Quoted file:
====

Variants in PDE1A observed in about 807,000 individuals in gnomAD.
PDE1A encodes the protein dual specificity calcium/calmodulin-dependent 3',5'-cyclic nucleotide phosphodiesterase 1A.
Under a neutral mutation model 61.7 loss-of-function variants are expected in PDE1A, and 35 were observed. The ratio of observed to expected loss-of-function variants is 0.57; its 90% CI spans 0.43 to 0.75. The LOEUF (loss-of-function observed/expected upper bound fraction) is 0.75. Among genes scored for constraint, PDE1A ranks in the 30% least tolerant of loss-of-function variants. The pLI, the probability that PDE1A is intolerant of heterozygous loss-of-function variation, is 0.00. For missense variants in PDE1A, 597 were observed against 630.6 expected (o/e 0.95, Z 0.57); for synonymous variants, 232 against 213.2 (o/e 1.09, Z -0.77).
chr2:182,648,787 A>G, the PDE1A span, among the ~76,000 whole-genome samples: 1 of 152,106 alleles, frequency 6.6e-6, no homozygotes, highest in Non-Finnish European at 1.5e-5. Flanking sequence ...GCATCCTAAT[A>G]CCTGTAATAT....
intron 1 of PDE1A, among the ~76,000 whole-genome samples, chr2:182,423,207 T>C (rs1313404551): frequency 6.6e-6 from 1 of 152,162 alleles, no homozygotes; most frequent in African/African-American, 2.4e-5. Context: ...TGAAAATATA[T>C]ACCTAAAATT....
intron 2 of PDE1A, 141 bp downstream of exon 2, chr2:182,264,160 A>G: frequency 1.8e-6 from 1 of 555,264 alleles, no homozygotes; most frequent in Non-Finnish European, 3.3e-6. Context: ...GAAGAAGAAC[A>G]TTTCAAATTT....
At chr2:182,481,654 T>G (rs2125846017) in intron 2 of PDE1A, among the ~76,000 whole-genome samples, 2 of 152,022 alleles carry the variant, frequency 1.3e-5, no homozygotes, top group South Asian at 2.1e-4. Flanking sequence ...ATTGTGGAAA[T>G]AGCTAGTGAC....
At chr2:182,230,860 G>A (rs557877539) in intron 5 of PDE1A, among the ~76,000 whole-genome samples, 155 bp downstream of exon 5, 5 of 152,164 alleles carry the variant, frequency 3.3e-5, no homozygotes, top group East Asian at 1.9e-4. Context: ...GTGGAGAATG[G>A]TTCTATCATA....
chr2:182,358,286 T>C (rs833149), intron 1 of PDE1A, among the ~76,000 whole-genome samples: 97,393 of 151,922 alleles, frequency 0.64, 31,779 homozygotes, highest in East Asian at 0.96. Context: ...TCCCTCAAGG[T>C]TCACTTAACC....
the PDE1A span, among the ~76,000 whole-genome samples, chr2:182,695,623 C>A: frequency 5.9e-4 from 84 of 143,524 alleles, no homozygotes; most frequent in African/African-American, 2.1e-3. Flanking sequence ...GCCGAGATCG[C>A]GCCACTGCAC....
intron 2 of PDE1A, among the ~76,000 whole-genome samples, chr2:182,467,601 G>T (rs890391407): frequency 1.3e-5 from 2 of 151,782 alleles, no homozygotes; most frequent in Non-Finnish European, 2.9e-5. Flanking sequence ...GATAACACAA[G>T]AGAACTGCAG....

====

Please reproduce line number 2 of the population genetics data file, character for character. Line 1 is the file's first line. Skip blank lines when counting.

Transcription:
PDE1A encodes the protein dual specificity calcium/calmodulin-dependent 3',5'-cyclic nucleotide phosphodiesterase 1A.